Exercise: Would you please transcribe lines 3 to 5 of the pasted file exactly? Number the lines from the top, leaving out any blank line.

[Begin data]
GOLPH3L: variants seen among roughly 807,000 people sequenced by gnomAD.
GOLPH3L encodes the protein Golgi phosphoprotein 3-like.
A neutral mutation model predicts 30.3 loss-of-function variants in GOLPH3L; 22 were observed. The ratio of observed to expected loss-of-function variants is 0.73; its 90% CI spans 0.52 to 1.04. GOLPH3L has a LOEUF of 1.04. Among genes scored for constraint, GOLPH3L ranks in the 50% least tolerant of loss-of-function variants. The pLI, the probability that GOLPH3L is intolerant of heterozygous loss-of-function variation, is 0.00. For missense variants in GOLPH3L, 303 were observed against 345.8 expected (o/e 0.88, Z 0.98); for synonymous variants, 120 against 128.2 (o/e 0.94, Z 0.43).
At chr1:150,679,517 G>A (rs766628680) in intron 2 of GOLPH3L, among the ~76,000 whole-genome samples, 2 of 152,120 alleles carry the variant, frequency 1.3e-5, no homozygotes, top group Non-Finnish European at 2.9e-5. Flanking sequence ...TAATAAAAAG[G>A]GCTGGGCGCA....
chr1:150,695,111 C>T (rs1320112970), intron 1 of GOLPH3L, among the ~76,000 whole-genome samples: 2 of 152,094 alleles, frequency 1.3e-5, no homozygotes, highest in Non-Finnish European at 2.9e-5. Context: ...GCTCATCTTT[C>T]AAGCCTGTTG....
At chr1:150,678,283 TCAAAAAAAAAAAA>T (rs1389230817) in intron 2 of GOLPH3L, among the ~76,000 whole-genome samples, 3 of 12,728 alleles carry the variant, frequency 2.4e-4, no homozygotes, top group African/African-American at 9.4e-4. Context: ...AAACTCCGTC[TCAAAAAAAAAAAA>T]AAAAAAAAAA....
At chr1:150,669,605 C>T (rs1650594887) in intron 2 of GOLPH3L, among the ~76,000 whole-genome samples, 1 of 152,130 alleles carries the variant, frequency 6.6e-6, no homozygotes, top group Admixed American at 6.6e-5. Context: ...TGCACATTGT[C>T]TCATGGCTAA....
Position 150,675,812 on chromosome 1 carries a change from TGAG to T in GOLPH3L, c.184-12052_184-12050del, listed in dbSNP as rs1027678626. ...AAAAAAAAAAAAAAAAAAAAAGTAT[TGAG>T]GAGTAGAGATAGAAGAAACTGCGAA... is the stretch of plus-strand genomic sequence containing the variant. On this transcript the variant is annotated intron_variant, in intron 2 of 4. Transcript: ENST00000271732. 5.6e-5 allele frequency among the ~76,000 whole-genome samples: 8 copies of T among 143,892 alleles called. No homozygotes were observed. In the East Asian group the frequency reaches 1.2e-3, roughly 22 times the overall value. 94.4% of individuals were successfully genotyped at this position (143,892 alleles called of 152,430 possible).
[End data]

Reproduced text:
A neutral mutation model predicts 30.3 loss-of-function variants in GOLPH3L; 22 were observed. The ratio of observed to expected loss-of-function variants is 0.73; its 90% CI spans 0.52 to 1.04. GOLPH3L has a LOEUF of 1.04. Among genes scored for constraint, GOLPH3L ranks in the 50% least tolerant of loss-of-function variants. The pLI, the probability that GOLPH3L is intolerant of heterozygous loss-of-function variation, is 0.00. For missense variants in GOLPH3L, 303 were observed against 345.8 expected (o/e 0.88, Z 0.98); for synonymous variants, 120 against 128.2 (o/e 0.94, Z 0.43).
At chr1:150,679,517 G>A (rs766628680) in intron 2 of GOLPH3L, among the ~76,000 whole-genome samples, 2 of 152,120 alleles carry the variant, frequency 1.3e-5, no homozygotes, top group Non-Finnish European at 2.9e-5. Flanking sequence ...TAATAAAAAG[G>A]GCTGGGCGCA....
chr1:150,695,111 C>T (rs1320112970), intron 1 of GOLPH3L, among the ~76,000 whole-genome samples: 2 of 152,094 alleles, frequency 1.3e-5, no homozygotes, highest in Non-Finnish European at 2.9e-5. Context: ...GCTCATCTTT[C>T]AAGCCTGTTG....